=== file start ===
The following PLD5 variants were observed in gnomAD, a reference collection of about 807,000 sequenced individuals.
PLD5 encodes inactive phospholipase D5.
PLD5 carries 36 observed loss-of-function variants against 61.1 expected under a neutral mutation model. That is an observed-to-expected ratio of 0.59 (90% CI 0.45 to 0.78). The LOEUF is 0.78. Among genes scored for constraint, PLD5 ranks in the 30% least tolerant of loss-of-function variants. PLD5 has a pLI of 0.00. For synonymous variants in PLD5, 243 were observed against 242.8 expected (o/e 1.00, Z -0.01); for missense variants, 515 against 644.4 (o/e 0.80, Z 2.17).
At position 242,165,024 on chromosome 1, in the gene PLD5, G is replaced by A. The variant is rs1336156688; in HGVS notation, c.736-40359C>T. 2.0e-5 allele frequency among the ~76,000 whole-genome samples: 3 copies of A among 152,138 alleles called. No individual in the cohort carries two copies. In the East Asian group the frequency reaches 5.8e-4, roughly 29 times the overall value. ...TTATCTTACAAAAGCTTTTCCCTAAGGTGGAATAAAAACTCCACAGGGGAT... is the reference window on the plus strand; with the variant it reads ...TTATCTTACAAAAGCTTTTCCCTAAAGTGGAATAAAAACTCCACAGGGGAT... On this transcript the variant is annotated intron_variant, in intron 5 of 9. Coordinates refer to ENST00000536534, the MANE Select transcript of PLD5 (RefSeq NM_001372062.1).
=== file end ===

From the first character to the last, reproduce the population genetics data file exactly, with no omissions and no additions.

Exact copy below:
The following PLD5 variants were observed in gnomAD, a reference collection of about 807,000 sequenced individuals.
PLD5 encodes inactive phospholipase D5.
PLD5 carries 36 observed loss-of-function variants against 61.1 expected under a neutral mutation model. That is an observed-to-expected ratio of 0.59 (90% CI 0.45 to 0.78). The LOEUF is 0.78. Among genes scored for constraint, PLD5 ranks in the 30% least tolerant of loss-of-function variants. PLD5 has a pLI of 0.00. For synonymous variants in PLD5, 243 were observed against 242.8 expected (o/e 1.00, Z -0.01); for missense variants, 515 against 644.4 (o/e 0.80, Z 2.17).
At position 242,165,024 on chromosome 1, in the gene PLD5, G is replaced by A. The variant is rs1336156688; in HGVS notation, c.736-40359C>T. 2.0e-5 allele frequency among the ~76,000 whole-genome samples: 3 copies of A among 152,138 alleles called. No individual in the cohort carries two copies. In the East Asian group the frequency reaches 5.8e-4, roughly 29 times the overall value. ...TTATCTTACAAAAGCTTTTCCCTAAGGTGGAATAAAAACTCCACAGGGGAT... is the reference window on the plus strand; with the variant it reads ...TTATCTTACAAAAGCTTTTCCCTAAAGTGGAATAAAAACTCCACAGGGGAT... On this transcript the variant is annotated intron_variant, in intron 5 of 9. Coordinates refer to ENST00000536534, the MANE Select transcript of PLD5 (RefSeq NM_001372062.1).